Loot boxes are a sore spot for gamers after all the controversy were caused by popular games late last year. Hawaii is now seeking to regulate the practice with two sets of bills. Both would bar retailers from selling games that include loot boxes to anyone under the age of 21.

Loot boxes are widely hated by those in the gaming community. Even if they're just touted as "cosmetic" purchases.

Loot Box Laws

House Bill 2686 and Senate Bill 3024 make it illegal to sell any games featuring a loot box system. It goes further to outline the loot box system by defining it as having randomized rewards or some sort of digital economy that can be used for randomized rewards.

The second set of bills, House Bill 2727 and Senate Bill 3025, would make video game publishers clearly label games that include loot boxes. A video game would have a bright red warning label just like cigarettes on the cover. For games that are sold online, this warning would have to be included on the page where the game is available for purchase.

"Warning: contains in-game purchases and gambling-like mechanisms which may be harmful or addictive," reads the proposed language.

Both sets of bills would have to make it out of committed and be passed in both chambers.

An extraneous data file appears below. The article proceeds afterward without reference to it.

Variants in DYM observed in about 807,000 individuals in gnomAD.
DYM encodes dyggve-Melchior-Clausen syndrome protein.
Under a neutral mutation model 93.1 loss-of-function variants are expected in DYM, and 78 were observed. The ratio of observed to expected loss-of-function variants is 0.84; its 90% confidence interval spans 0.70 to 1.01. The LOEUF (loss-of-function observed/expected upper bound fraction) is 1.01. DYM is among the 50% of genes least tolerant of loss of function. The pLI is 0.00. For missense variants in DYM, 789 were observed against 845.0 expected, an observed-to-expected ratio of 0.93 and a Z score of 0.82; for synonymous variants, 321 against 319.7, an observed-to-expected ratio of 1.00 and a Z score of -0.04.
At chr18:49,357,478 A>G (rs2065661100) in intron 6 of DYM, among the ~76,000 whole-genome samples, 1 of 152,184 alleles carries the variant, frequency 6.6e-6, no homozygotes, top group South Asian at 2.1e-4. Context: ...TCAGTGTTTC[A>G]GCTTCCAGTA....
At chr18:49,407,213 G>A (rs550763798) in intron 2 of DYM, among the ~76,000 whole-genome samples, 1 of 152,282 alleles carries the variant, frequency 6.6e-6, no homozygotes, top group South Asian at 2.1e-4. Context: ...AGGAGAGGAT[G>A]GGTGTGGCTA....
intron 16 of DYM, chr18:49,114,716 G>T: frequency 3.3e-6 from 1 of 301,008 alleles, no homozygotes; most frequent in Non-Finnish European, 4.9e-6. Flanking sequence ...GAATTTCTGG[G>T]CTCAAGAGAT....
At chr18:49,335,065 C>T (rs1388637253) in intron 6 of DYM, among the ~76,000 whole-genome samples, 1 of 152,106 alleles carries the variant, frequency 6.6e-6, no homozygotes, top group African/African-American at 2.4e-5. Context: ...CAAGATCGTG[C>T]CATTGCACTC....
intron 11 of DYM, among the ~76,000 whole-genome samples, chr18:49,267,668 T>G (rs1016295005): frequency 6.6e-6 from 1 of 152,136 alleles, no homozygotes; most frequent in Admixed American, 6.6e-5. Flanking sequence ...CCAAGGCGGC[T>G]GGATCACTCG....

Hawaii At The Forefront

One of the first U.S. politicians to speak out against the practice of loot boxes is Hawaii House of Representatives member Chris Lee. After the horrendous launch of Star Wars Battlefront II, Rep. Lee came out against what he called "predatory behavior."

"The game is a Star Wars-themed online casino, designed to lure kids into spending money," said Lee. "It's a trap."

Lee also took to Reddit to explain his stance on loot boxes. Explaining that this is an issue that affects everybody on both sides of the political spectrum.

"These kinds of loot boxes and microtransactions are explicitly designed to prey upon and exploit human psychology in the same way casino games are so designed," said Lee on Reddit. "This is especially true for young adults who child psychologists and other experts explain are particularly vulnerable. These exploitive mechanisms and the deceptive marketing promoting them have no place in games being marketed to minors, and perhaps no place in games at all."

Lee is a co-sponsor on both of the House bills. He calls out video games with loot boxes for being a manifestation of a predatory system. This was especially true in the case of Star Wars Battlefront II, where it was designed to be pay-to-win with everything that could be purchased in the game.

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